What Does It Mean To Be Fast?

Pictured: Usain Bolt – Jamaican sprinter and a five-time World and three-time Olympic gold medalist. He is the world record and Olympic record holder in the 100 metres. (Photo credit: o.canada.com)
Pictured: Usain Bolt – Jamaican sprinter and a five-time World and three-time Olympic gold medalist. He is the world record and Olympic record holder in the 100 metres. (Photo credit: o.canada.com)

The following article was taken from the Z-Health newsletter. I really enjoyed it and thought it worth sharing.

There is a popular saying in sports: “speed kills.” Ask almost any coach in any game and they will say that what they daydream about the most is a team of ultra-fast players. But what does it really mean to be fast?

When most people talk about how fast someone is, the discussion is usually about an athlete’s track speed. In most US sports, the two basic “measures” often discussed are an athlete’s 40 and 100 meter speeds.
But, how useful is that?

How often, in sports other than track, does an athlete run straight ahead for 100 meters without having to dodge, twist, and turn? Not often. In most field sports, as in life, you need to be fast at much shorter distances. It’s about being agile, quick, and responsive.

Linear speed is just one aspect of speed. What about lateral speed (moving sideways), limb speed, visual speed, interpretation speed?

All of these other types of speed play a critically important role – both on the field and off. Let’s take a short look at each.

Lateral Speed

This is the ability to move quickly sideways. You see it on the field or court all the time – tennis, basketball, American football, soccer. Virtually every sport out there has a lateral component.

Off the field, lateral speed is what lets you catch something that is falling just out of reach, grab a kid that is about to walk in to something, and narrowly avoid running in to someone in the hallway while you are both checking email on your phones.

Limb Speed

You can have amazing lower body speed without running a great 100m. If you have any doubts, search YouTube for clips of soccer player Cristiano Renaldo. He has spent years developing amazing footwork skills. Great boxers and martial artists display those same skills with the upper bodies.

And again, these skills translate off the field. Catching a glass that is tipping over, or using a foot to stop a door from closing when your hands are full with your laptop bag and morning Americano.

Visual Speed

In almost every sport, there are legendary players who are best known for having amazing field vision.

What is that? It’s another term for elite-caliber visual speed. When you study these athletes, it is obvious that their eye muscles have the ability to quickly change focal points and track what is going on on the field. American football is the classic example here – it’s the running back that can always find the hole in the line.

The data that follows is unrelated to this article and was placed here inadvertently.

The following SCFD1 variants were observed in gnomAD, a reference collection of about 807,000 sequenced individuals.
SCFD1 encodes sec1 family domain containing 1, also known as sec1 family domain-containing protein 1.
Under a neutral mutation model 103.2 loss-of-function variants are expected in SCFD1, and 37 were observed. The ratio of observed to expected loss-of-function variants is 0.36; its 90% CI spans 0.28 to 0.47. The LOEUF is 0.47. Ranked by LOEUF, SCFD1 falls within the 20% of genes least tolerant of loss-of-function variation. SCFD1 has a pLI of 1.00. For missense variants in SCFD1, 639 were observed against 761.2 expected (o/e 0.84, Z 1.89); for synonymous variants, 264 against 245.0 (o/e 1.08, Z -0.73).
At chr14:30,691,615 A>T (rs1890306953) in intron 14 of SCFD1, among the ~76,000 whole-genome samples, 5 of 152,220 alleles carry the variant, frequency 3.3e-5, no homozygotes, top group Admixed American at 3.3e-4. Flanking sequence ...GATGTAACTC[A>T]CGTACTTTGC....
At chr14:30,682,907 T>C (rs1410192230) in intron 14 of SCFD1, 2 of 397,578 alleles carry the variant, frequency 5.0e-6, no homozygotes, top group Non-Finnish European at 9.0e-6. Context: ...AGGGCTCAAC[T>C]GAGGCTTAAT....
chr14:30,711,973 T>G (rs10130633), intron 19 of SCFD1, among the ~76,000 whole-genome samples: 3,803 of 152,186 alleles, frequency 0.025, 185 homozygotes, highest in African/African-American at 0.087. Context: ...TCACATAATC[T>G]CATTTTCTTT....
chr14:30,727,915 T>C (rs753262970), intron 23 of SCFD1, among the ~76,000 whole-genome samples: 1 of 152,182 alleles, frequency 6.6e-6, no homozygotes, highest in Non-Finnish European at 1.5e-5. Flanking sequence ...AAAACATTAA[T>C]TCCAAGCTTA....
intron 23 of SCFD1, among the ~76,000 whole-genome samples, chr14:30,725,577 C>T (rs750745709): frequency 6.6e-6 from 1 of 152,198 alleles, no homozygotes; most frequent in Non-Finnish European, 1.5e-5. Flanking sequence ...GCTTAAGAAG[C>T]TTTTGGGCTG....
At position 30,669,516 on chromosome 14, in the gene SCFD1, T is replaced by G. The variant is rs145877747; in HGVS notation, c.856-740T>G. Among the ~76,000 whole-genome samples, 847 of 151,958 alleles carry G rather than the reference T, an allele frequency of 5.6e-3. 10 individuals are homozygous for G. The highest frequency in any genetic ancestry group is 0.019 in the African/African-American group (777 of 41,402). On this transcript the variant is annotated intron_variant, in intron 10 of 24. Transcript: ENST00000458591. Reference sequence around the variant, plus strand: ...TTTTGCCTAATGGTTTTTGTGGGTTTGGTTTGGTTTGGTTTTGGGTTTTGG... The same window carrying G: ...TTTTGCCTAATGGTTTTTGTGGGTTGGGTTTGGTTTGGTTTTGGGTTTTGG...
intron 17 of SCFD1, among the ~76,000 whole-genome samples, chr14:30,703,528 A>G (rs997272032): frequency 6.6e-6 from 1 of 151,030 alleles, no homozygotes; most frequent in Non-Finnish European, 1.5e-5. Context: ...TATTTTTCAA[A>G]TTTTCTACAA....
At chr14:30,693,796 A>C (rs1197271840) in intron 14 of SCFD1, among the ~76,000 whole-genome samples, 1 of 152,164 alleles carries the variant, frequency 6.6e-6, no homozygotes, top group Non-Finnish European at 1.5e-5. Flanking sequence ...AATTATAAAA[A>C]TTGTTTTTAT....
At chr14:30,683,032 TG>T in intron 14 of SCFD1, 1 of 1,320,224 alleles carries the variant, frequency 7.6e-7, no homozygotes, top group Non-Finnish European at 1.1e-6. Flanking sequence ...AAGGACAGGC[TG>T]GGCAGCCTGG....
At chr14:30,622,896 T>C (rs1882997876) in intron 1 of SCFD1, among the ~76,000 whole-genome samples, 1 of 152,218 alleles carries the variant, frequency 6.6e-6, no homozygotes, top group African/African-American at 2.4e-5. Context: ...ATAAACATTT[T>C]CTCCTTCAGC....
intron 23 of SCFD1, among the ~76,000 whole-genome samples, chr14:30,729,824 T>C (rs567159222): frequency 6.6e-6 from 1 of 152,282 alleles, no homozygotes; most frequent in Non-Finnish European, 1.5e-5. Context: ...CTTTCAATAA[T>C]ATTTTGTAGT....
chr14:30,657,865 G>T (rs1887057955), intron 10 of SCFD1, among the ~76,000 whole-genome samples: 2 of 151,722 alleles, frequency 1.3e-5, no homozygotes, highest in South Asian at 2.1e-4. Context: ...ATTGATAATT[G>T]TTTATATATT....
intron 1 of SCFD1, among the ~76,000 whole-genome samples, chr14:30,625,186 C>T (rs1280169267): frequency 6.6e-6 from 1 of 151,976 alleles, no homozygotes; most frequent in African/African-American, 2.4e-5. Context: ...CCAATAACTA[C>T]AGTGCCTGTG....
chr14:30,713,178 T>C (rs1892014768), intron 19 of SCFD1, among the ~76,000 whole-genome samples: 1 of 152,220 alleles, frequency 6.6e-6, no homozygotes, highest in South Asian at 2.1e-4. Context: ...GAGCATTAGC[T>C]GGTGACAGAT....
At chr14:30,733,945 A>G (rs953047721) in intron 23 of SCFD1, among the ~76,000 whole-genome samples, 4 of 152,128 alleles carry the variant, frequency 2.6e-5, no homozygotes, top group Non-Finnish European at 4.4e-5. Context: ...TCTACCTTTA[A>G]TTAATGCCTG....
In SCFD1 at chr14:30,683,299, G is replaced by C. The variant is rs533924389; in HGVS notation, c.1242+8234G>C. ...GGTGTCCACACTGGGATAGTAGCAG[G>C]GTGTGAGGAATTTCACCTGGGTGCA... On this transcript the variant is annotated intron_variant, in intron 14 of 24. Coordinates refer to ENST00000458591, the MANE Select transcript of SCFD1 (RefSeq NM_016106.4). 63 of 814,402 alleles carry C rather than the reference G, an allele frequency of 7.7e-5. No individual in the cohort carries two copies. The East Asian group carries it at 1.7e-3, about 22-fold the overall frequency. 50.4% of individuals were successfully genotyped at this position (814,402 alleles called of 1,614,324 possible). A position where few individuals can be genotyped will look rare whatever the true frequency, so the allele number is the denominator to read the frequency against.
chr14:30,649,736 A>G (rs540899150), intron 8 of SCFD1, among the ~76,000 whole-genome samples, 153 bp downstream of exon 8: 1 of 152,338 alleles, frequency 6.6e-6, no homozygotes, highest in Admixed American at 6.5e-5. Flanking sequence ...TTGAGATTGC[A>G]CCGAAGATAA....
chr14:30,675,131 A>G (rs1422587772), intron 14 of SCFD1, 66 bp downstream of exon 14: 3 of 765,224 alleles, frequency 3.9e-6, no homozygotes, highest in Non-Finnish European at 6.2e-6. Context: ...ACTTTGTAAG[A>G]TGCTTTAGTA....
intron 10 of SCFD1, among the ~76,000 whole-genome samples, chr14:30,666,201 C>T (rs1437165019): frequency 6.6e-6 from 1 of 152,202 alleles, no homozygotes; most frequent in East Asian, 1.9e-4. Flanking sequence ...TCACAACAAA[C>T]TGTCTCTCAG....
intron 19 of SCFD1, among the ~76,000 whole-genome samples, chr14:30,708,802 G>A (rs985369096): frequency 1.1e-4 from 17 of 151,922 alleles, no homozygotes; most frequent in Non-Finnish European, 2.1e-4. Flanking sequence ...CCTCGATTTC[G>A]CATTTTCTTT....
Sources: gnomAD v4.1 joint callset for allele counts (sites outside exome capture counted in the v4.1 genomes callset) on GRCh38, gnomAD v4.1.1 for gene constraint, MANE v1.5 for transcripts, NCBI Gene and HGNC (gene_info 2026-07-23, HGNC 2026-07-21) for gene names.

Driving a car is a fantastic example of where this skill is super-handy. You need the ability to quickly change focal points so you can quickly alternate between checking the mirrors, watching the road, fiddling with the radio, and sending a text message (not that any of us would ever do that driving). While I joke, you get the point – the ability to quickly change your focus is incredibly important to safe, skilled driving. If you’’ve ever followed a slow, hesitant driver – there is an excellent chance you’ve seen poor visual skills in action.

Interpretation Speed

Finally, in our brief description of different components of speed, we come to interpretation speed. You can also think of this as reaction speed – but no matter what term you use, it’s your brains ability to take in what is going on around you and do something with it. Two very different skills.

You know those great field vision guys I referenced above? They also have amazing interpretation speed skills. They can see the field, know exactly where everyone is, and know what is likely coming next. They know if the hole is going to close or not and where a new gap is likely to occur (or not). The most important point here? What these athletes do with their eyes is a trainable skill – not a genetic mutation to make them a better football player!

With that said, I’m going to extend the driving analogy as well. We all say less-than-nice-things about the driver that “was no’t paying attention” and didn‘’t realize that the cars in front of them were slowed down, or that they were driving at exactly the right speed such that they were holding up multiple lanes of traffic and effectively causing a traffic jam. What if they actually were paying attention, but simply didn’’t have the skill to be able to interpret what was going on around them so they could respond accordingly.

At this point you might be thinking that in the examples above, that none of those skills live in isolation. And, you are exactly right.

Being good at all of them, and being able to integrate them is what is necessary to perform and be your best. Speed is not one single thing, but a host of intertwined movement, balance, and visual skills – all of which can be improved in virtually everyone – far faster than you might ever believe.

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